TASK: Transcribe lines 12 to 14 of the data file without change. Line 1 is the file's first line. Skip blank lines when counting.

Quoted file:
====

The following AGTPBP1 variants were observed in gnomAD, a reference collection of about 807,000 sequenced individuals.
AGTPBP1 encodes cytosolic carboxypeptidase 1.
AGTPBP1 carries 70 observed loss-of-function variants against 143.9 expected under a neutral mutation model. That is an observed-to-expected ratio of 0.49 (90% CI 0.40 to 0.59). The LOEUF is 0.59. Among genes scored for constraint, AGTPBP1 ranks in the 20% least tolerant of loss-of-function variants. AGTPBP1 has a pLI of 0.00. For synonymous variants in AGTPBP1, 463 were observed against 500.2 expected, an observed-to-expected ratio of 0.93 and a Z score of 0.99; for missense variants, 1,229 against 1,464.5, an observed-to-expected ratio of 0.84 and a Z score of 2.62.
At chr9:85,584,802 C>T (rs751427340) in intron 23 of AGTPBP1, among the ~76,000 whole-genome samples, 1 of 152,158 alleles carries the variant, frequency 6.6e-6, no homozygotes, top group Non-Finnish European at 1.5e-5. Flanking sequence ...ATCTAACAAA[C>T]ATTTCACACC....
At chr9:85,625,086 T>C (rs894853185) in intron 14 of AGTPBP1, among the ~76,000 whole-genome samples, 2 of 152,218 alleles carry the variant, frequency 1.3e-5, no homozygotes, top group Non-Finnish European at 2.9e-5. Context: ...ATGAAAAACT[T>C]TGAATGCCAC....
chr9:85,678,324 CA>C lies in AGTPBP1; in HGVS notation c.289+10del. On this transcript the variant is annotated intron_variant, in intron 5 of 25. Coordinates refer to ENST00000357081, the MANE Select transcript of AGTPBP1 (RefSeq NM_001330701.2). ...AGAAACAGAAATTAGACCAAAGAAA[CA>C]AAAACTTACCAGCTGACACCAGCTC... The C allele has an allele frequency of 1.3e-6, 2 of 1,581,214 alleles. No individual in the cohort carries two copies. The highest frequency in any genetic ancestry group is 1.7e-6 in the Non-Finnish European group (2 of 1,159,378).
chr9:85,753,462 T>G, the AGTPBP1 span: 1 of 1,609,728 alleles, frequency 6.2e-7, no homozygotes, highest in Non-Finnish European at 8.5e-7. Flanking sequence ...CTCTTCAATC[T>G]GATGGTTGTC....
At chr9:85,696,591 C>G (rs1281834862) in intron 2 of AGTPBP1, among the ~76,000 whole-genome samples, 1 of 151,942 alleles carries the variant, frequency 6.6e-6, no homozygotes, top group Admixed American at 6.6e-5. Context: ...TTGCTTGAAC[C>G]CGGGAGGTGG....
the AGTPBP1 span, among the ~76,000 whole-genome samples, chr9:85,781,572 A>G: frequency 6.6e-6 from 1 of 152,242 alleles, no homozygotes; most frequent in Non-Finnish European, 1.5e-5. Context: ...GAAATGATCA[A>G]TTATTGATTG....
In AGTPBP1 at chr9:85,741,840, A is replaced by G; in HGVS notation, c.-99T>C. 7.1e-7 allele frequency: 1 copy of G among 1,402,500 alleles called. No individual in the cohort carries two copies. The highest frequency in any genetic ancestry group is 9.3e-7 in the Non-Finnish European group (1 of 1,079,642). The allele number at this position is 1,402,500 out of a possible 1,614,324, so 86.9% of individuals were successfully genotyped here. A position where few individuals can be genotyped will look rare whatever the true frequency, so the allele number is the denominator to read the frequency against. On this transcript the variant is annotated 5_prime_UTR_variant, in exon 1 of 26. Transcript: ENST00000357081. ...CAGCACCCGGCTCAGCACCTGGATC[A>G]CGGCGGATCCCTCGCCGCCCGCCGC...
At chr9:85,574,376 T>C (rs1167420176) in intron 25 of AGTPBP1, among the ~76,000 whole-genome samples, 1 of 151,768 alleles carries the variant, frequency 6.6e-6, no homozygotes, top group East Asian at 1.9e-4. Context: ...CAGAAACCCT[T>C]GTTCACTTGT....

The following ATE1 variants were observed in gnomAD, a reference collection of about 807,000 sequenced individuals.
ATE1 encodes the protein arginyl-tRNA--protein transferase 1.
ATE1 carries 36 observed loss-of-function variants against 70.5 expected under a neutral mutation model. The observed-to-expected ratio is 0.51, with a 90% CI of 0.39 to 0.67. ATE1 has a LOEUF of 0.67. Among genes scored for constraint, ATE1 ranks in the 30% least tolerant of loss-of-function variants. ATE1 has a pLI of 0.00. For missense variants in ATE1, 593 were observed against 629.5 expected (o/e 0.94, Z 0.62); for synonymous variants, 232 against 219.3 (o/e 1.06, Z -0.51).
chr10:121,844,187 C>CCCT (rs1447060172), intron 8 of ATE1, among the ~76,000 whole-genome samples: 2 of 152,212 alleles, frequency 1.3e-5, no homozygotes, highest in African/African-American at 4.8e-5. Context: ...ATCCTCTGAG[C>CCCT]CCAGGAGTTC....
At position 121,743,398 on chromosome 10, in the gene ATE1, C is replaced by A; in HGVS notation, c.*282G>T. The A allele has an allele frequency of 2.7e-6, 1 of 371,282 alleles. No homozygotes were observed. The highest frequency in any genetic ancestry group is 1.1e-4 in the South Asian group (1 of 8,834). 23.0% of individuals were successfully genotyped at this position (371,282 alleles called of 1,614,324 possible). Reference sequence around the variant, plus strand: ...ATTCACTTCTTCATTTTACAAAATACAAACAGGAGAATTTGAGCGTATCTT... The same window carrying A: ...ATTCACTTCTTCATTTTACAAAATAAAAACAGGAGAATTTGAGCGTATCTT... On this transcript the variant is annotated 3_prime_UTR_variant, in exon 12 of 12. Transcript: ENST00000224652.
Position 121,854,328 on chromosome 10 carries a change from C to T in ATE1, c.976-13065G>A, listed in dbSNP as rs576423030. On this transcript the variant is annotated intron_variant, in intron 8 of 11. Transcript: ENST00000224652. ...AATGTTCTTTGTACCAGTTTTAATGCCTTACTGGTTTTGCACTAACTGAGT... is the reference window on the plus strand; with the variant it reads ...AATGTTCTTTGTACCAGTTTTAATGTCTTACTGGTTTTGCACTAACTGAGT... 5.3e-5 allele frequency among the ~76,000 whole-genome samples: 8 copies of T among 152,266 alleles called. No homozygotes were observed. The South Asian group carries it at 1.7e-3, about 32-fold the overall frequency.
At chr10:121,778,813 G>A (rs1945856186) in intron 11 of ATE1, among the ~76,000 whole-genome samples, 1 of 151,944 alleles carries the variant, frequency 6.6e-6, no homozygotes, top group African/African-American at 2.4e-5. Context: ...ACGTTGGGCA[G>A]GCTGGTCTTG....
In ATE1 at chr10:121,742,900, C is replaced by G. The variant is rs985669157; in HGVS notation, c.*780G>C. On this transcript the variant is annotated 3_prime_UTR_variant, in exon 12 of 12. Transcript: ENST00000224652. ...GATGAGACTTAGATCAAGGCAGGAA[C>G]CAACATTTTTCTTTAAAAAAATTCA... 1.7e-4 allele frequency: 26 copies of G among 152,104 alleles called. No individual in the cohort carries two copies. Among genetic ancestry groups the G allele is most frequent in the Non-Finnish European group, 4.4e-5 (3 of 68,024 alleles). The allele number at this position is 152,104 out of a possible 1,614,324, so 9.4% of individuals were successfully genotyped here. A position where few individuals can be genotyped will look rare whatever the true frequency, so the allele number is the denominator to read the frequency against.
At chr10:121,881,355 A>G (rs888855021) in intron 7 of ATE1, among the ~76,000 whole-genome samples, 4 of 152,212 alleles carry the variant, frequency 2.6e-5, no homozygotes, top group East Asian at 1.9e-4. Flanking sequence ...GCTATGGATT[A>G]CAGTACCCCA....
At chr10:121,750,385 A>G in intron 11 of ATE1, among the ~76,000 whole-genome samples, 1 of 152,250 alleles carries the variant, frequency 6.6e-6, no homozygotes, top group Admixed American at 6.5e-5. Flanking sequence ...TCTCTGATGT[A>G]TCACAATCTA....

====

The following ATE1 variants were observed in gnomAD, a reference collection of about 807,000 sequenced individuals.
ATE1 encodes the protein arginyl-tRNA--protein transferase 1.
ATE1 carries 36 observed loss-of-function variants against 70.5 expected under a neutral mutation model. The observed-to-expected ratio is 0.51, with a 90% CI of 0.39 to 0.67. ATE1 has a LOEUF of 0.67. Among genes scored for constraint, ATE1 ranks in the 30% least tolerant of loss-of-function variants. ATE1 has a pLI of 0.00. For missense variants in ATE1, 593 were observed against 629.5 expected (o/e 0.94, Z 0.62); for synonymous variants, 232 against 219.3 (o/e 1.06, Z -0.51).